10 Best Lord of the Rings filming locations
If you’ve watched the Lord of the Rings movies, you’ve probably wondered; “Where was Lord of the Rings filmed?” LOTR was filmed entirely in New Zealand! Peter Jackson thought that the beauty and ruggedness of Middle Earth would best come to life in New Zealand, and he couldn’t have been more right!
Tom is a big fan of Lord of the Rings and he made it very clear that he wanted to visit every filming location we passed during our New Zealand road trip. Many of the Lord of the Rings filming locations are very recognisable in real life too
So, where in New Zealand was Lord of the Rings filmed? It’s not just one place, there are over 150 LOTR movie locations across the country.
After visiting (almost) all of them, we’ve compiled a list of the filming locations you shouldn’t miss.
This is the map of the best Lord of the Rings filming locations in New Zealand!
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Best Lord of the Rings filming locations on the North Island
Geothermal activity, massive volcanoes and all sorts of other rock formations made New Zealand’s North Island perfect to shoot some of the movies’ most iconic scenes. Follow this New Zealand North Island itinerary for the best route over the island to see it all!
1. Matamata - Hobbiton
Close to the town of Matamata sits the Hobbiton film set. This is where they filmed the scenes that took place in the village of Hobbiton, and parts of the Shire. The Hobbiton film set is the only film set from the movies that hasn’t been broken down after filming, instead, it has been turned into an open-air museum.
The only way to see it is with this guided tour through the Hobbiton village. Enter the hobbit hole of Bag End and imagine Bilbo and Frodo in their home waddling around on their big hairy feet while preparing tea, or drink a jug of ale and sing a song in the Green Dragon Inn.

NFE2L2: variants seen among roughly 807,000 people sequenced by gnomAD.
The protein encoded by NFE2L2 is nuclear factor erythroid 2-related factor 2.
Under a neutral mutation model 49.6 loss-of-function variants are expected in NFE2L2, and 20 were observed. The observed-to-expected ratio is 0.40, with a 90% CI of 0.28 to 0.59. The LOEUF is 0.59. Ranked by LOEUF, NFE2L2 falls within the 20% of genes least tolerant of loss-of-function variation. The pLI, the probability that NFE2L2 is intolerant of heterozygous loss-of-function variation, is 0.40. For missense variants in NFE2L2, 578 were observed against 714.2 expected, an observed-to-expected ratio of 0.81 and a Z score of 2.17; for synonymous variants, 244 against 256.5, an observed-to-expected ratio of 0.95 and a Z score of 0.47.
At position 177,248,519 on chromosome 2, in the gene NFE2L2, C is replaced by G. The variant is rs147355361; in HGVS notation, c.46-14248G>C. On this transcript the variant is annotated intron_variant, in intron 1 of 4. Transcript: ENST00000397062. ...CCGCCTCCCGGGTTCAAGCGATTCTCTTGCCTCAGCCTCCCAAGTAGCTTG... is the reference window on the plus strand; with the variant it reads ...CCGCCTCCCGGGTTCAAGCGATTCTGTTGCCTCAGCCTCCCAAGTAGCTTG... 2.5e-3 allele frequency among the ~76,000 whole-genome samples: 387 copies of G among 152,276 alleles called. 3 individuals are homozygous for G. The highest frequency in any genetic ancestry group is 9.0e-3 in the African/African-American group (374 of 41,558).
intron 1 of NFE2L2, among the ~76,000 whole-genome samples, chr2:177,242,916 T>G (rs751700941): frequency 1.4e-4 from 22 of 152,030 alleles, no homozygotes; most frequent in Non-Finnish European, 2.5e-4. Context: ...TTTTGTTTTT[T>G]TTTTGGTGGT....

Where to stay near Matamata
Matamata itself is tiny, and while there are some accommodation options, the bigger and more interesting cities of Tauranga and Rotorua are both less than an hour drive away, so we recommend staying there.
2. Tongariro National Park - Mordor
Tongariro National Park was used to shoot all the scenes that took place in Mordor, the land of the dark lord Sauron. This is where you’re able to see the most recognisable and most iconic landmark that was used in the movies: Mount Doom, or Mount Ngauruhoe as it is called in real life.
Better yet, if you walk the popular day hike Tongariro Alpine Crossing, it takes you past Mount Ngauruhoe, and a sidetrack even goes up to the summit.
Granted, the mountain does look a bit different in real life than it does in the movies, but with some imagination, you can easily picture yourself walking through the dark lands of Mordor, on your way to toss the ring into the fires of Mount Doom. Opt for this guided Tongariro Crossing Trek to have a guide accompany you that can tell you everything about the park and the filming locations.
A bit further down into Tongariro National Park on the Tukino Ski Field, the gates of Mordor were shot, and Meads Wall is the location used to film the Emyn Muil scenes, where Sam and Frodo find Gollum
The Forbidden Pool where Gollum catches a fish and then gets captured by Faramir is also shot in Tongariro National Park, divided over two shooting locations. The parts where you see Gollum in the water were shot at Tawhai Falls, while the parts where the waterfall is visible were shot at Mangawhero Falls.